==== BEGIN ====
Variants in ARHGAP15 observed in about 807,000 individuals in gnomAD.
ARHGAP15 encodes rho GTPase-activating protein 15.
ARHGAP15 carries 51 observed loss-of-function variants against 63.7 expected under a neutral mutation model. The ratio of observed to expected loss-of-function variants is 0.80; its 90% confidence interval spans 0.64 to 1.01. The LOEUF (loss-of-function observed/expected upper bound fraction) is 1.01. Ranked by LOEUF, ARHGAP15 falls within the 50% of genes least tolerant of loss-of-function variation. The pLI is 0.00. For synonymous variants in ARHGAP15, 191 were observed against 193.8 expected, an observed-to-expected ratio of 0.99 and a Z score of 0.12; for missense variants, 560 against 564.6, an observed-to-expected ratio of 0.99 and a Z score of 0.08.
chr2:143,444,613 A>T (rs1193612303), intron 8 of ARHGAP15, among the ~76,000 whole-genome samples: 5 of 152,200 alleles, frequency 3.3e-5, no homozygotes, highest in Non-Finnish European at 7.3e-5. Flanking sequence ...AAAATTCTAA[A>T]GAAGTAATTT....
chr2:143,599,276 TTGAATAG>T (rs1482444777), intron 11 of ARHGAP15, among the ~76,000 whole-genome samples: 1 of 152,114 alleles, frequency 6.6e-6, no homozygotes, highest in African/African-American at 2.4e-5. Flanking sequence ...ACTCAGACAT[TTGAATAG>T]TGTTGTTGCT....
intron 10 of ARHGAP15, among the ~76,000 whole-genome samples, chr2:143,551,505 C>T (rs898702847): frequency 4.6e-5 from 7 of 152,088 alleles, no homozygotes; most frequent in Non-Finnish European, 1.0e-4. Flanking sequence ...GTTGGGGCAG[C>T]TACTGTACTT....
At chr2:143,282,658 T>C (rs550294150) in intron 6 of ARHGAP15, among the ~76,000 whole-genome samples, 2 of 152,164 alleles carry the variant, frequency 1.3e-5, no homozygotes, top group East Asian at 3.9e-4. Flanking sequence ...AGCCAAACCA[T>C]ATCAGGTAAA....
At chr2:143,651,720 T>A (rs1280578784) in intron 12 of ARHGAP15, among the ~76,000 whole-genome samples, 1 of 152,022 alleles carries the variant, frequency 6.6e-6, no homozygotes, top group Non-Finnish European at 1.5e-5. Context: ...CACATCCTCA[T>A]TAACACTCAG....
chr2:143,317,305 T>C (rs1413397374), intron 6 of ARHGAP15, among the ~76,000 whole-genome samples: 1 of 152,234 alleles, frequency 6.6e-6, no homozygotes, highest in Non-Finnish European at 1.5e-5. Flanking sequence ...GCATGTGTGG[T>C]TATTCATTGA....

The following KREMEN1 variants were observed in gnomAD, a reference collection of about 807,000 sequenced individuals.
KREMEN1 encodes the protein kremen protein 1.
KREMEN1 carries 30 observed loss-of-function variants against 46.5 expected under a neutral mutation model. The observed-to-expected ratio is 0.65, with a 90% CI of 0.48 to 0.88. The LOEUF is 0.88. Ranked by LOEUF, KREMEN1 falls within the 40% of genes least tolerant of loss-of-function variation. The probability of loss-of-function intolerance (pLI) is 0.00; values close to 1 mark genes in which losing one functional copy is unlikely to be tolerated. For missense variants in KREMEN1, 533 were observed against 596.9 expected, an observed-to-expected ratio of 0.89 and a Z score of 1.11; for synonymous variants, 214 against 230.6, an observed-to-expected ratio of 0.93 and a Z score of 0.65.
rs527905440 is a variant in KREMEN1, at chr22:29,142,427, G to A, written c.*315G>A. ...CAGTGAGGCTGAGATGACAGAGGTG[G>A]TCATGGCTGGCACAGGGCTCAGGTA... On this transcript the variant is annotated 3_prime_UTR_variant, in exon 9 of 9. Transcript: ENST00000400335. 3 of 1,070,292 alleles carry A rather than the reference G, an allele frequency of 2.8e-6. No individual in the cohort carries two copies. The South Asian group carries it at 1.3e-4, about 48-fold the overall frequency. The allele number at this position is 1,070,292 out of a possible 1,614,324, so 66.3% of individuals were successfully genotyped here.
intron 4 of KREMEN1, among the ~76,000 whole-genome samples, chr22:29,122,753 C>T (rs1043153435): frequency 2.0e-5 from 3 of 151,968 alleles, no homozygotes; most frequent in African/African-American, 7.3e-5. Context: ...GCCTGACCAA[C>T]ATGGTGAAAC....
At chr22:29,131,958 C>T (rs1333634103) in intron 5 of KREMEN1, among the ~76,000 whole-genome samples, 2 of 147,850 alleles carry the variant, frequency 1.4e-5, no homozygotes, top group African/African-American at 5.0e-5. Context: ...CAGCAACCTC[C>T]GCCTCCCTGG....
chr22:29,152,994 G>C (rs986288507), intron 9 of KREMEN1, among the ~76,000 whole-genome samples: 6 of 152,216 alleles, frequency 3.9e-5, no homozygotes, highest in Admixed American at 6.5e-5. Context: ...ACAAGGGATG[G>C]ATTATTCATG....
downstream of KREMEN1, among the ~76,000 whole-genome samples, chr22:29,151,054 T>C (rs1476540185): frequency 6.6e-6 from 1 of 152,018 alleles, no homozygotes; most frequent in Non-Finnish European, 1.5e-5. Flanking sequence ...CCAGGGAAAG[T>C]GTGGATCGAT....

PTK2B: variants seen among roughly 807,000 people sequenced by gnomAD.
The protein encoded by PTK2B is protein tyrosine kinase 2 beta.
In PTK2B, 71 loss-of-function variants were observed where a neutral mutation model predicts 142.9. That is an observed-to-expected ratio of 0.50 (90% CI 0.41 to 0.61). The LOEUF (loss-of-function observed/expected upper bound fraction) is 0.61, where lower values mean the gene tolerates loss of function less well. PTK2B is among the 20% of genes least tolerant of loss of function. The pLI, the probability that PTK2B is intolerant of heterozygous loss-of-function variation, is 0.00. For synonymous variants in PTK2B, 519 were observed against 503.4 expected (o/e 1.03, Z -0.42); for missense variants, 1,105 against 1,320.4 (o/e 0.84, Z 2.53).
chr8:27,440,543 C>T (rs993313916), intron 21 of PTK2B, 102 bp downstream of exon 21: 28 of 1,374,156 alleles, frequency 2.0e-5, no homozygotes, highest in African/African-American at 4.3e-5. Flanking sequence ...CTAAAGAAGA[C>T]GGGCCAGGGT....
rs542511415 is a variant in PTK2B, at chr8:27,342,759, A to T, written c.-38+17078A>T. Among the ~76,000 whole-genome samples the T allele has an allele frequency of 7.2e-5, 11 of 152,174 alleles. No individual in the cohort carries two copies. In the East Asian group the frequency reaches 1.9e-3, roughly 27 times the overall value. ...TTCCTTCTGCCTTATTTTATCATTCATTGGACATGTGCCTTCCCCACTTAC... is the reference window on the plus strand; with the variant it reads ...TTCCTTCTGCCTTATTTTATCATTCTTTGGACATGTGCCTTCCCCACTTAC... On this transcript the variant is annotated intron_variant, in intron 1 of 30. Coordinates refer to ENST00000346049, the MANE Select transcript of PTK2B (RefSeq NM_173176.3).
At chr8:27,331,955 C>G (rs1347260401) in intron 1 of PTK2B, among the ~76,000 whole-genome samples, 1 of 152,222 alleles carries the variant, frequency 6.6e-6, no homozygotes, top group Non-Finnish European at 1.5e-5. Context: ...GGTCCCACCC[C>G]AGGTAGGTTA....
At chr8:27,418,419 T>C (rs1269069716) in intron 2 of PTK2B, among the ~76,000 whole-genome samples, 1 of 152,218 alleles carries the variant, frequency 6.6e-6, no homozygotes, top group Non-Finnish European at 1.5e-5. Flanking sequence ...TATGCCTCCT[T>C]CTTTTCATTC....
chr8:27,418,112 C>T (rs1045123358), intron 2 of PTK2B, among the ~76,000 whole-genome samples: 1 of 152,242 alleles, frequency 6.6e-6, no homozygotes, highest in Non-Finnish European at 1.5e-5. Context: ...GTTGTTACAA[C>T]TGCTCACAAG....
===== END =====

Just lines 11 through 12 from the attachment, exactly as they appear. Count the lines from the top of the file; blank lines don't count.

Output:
KREMEN1 encodes the protein kremen protein 1.
KREMEN1 carries 30 observed loss-of-function variants against 46.5 expected under a neutral mutation model. The observed-to-expected ratio is 0.65, with a 90% CI of 0.48 to 0.88. The LOEUF is 0.88. Ranked by LOEUF, KREMEN1 falls within the 40% of genes least tolerant of loss-of-function variation. The probability of loss-of-function intolerance (pLI) is 0.00; values close to 1 mark genes in which losing one functional copy is unlikely to be tolerated. For missense variants in KREMEN1, 533 were observed against 596.9 expected, an observed-to-expected ratio of 0.89 and a Z score of 1.11; for synonymous variants, 214 against 230.6, an observed-to-expected ratio of 0.93 and a Z score of 0.65.